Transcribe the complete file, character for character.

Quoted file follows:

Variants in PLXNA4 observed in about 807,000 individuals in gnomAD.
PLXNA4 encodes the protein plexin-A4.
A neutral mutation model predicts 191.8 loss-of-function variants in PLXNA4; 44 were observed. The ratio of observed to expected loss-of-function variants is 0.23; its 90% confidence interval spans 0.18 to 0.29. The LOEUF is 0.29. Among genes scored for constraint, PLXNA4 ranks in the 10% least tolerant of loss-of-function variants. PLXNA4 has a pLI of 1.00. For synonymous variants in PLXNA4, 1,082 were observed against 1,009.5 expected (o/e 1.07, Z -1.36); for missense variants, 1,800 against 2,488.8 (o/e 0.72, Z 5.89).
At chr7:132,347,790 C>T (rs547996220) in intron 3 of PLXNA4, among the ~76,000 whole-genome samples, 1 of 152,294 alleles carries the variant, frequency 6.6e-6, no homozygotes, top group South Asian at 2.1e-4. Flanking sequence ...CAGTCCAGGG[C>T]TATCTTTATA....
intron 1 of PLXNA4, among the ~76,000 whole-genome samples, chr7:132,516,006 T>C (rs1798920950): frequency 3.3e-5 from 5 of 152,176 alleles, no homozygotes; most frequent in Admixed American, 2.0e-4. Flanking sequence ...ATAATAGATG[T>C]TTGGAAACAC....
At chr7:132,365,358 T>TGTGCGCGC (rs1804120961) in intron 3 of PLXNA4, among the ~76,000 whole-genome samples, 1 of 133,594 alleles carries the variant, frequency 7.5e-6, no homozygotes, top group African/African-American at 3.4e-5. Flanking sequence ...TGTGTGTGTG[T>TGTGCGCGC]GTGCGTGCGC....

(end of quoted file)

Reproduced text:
Variants in PLXNA4 observed in about 807,000 individuals in gnomAD.
PLXNA4 encodes the protein plexin-A4.
A neutral mutation model predicts 191.8 loss-of-function variants in PLXNA4; 44 were observed. The ratio of observed to expected loss-of-function variants is 0.23; its 90% confidence interval spans 0.18 to 0.29. The LOEUF is 0.29. Among genes scored for constraint, PLXNA4 ranks in the 10% least tolerant of loss-of-function variants. PLXNA4 has a pLI of 1.00. For synonymous variants in PLXNA4, 1,082 were observed against 1,009.5 expected (o/e 1.07, Z -1.36); for missense variants, 1,800 against 2,488.8 (o/e 0.72, Z 5.89).
At chr7:132,347,790 C>T (rs547996220) in intron 3 of PLXNA4, among the ~76,000 whole-genome samples, 1 of 152,294 alleles carries the variant, frequency 6.6e-6, no homozygotes, top group South Asian at 2.1e-4. Flanking sequence ...CAGTCCAGGG[C>T]TATCTTTATA....
intron 1 of PLXNA4, among the ~76,000 whole-genome samples, chr7:132,516,006 T>C (rs1798920950): frequency 3.3e-5 from 5 of 152,176 alleles, no homozygotes; most frequent in Admixed American, 2.0e-4. Flanking sequence ...ATAATAGATG[T>C]TTGGAAACAC....
At chr7:132,365,358 T>TGTGCGCGC (rs1804120961) in intron 3 of PLXNA4, among the ~76,000 whole-genome samples, 1 of 133,594 alleles carries the variant, frequency 7.5e-6, no homozygotes, top group African/African-American at 3.4e-5. Flanking sequence ...TGTGTGTGTG[T>TGTGCGCGC]GTGCGTGCGC....